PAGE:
Re-evaluating the risk of mega ships

Ultra Large Vessels
As marine cargo operators use ever bigger vessels to increase efficiency and economies of scale, the consequent change in risk exposure is proving challenging to insurers.

The average capacity of vessels grew 25% between 2014 and 2018. The number of large containerships ships whose capacity exceeds 10,000 twenty-foot equivalent unit (TEU), a measure for a ship's cargo carrying capacity, accounted for 31% of the total capacity deployed in the second quarter of 2018, according to MDS Transmodal, a transport and logistics research firm. And the trend towards even larger vessels is continuing.

Ships capable of handling more than 14,500 TEU are becoming more common; their length often exceeding 1,200 ft (366 m). So-called Triple-E class container ships are even larger with capacity of more than 18,400 TEUs.

“A consolidation process in the shipping transport market has contributed to a trend towards fewer but bigger ships,” says Robert Waterson, Senior Vice President - Marine Hull and Liability at Lockton.

“Fleet operators have ordered larger ships and because they are newer this tends to have a positive effect on all costs including insurance premium levels. However, this does not necessarily mean claims volumes will be lower,” Waterson notes.

With larger and more sophisticated vessels entering the sector – and more hazardous areas such as polar waters being explored – this is aggravating the risk of ever larger single losses, insurer AGCS warned in its “Marine claims trends 2018” report.

“A major incident involving a fully loaded ultra-large container ship will easily result in a $1bn to $2bn insurance claim including damage to cargo, hull, salvage and wreck removal costs,” the report added.

A number of container ship casualties recently fuelled a discussion about the growing risks associated with fires on mega-containerships. Ship fires are one of the major loss drivers in the shipping industry: In March 2018 a fatal fire on the new 15,252 TEU Maersk Honam. The incident is believed to have been triggered by mis-declared chemical cargoes causing a blast and fire which resulted in 130 people being taken to hospital.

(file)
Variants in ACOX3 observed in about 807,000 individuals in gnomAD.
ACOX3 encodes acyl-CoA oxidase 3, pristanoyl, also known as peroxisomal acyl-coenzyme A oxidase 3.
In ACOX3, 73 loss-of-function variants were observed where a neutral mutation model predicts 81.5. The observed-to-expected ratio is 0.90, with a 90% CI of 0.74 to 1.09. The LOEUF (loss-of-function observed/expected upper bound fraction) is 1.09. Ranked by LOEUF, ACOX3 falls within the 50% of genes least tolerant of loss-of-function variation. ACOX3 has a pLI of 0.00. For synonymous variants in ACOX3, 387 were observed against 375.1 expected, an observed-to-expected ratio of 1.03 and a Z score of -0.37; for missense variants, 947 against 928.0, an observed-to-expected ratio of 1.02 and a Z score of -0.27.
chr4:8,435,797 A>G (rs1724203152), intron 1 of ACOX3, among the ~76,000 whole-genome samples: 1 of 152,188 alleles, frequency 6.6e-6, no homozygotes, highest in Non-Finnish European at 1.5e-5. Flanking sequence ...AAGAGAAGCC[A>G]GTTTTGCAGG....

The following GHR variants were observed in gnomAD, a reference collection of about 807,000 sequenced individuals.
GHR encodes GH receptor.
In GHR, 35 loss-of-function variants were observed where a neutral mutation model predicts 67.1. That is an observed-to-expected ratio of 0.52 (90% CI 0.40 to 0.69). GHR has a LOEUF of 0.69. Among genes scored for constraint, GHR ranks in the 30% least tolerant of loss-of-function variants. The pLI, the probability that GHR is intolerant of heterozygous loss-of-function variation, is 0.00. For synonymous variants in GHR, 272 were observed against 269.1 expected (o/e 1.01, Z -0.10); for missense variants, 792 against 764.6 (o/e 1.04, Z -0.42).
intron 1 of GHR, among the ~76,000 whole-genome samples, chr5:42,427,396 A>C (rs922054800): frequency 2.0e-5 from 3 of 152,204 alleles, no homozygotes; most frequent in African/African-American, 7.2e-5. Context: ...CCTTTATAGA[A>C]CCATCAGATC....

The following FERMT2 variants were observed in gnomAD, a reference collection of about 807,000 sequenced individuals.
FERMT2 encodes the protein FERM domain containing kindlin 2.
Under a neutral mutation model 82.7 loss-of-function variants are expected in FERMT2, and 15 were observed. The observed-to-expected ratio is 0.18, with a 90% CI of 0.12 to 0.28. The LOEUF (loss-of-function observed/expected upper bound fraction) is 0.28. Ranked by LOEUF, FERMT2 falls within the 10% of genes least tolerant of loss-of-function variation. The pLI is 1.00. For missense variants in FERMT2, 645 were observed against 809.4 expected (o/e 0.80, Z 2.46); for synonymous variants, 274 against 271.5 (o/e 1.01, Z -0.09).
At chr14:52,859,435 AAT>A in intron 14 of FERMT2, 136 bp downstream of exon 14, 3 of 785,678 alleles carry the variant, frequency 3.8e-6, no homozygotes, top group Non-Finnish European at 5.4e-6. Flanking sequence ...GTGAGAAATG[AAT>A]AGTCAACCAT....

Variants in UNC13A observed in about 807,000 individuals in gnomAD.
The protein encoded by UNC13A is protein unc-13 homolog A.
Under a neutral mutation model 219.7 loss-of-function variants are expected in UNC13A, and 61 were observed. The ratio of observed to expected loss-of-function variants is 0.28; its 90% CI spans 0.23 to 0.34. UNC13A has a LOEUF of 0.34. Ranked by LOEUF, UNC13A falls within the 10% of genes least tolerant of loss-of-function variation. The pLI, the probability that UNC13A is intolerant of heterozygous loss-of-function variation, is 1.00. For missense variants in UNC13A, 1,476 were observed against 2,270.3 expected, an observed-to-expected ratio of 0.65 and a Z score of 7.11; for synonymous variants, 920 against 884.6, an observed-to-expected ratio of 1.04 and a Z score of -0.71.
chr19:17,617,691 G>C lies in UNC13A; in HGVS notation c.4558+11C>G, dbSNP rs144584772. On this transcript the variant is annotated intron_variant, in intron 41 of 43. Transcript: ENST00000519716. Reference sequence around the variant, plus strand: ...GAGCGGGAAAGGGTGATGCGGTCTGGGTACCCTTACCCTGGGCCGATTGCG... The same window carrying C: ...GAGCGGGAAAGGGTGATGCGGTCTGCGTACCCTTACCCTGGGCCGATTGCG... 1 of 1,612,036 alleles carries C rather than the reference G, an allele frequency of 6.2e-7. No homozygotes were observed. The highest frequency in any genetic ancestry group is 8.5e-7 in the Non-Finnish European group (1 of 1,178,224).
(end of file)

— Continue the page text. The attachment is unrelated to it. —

“The cargo description is often not clear and containers may contain chemicals and hazardous goods that were not supposed to be there or that were incorrectly described and thus loaded in the wrong part of the vessel,” says Waterson.

Insurers’ apprehension focuses not only on large container ships but also on large passenger vessels, especially after Costa Concordia off the Tuscan holiday island of Giglio in Italy set off a chaotic evacuation of 4,229 passengers and crew, and 32 people died, according to the May 7, 2019 presentation “Megaship Challenges: The P&I Perspective” by Joe Hughes from the The American Club.  

Large vessels are more difficult to navigate, and grounding and/or collisions are harder to deal with as there is more cargo and fuel to salvage. Where salvage/wreck removal is required, the costs are vastly influenced by the type of cargo that has to be removed and how hazardous this cargo is. Very often this has to be accomplished in remote and difficult environmental conditions, and always within the requirements of both the local and international law. As environmental regulations tighten globally, these costs will only rise further and more cover will be required.

A discussion in the insurance industry about whether large container ships might require a specific insurance rating, previously under consideration but not implemented, may now re-open as more data is available. As some underwriters withdraw from underwriting large container fleets this may affect renewals pricing and available capacity in the short term.

“In hull and cargo, the specific risks attached to large ships are not being addressed. Ratings do not take this into account,” Waterson says.

“Mega-ships carry higher risks and are not necessarily safer. While the claims frequency may fall, the size of a loss is likely to be much higher,” he notes.

Ships are generally sinking less often than in the past, not least because technology is increasing the safety of vessels in the form of electronic navigation. This does, however, come at a cost.

“Repair costs have increased significantly, all the technology on board means that claims trend higher,” Waterson says.

Insurance buyers can improve insurance terms and conditions of their marine fleets at renewals by showing evidence of high operating standards with frequently checked and well managed fleets and crews receiving the required training and support.

For further information please contact: 
Robert Waterson 
Senior Vice President - Marine Hull and Liability
E-mail: robert.waterson@uk.lockton.com
Direct Tel: +44 (0)20 7933 2491

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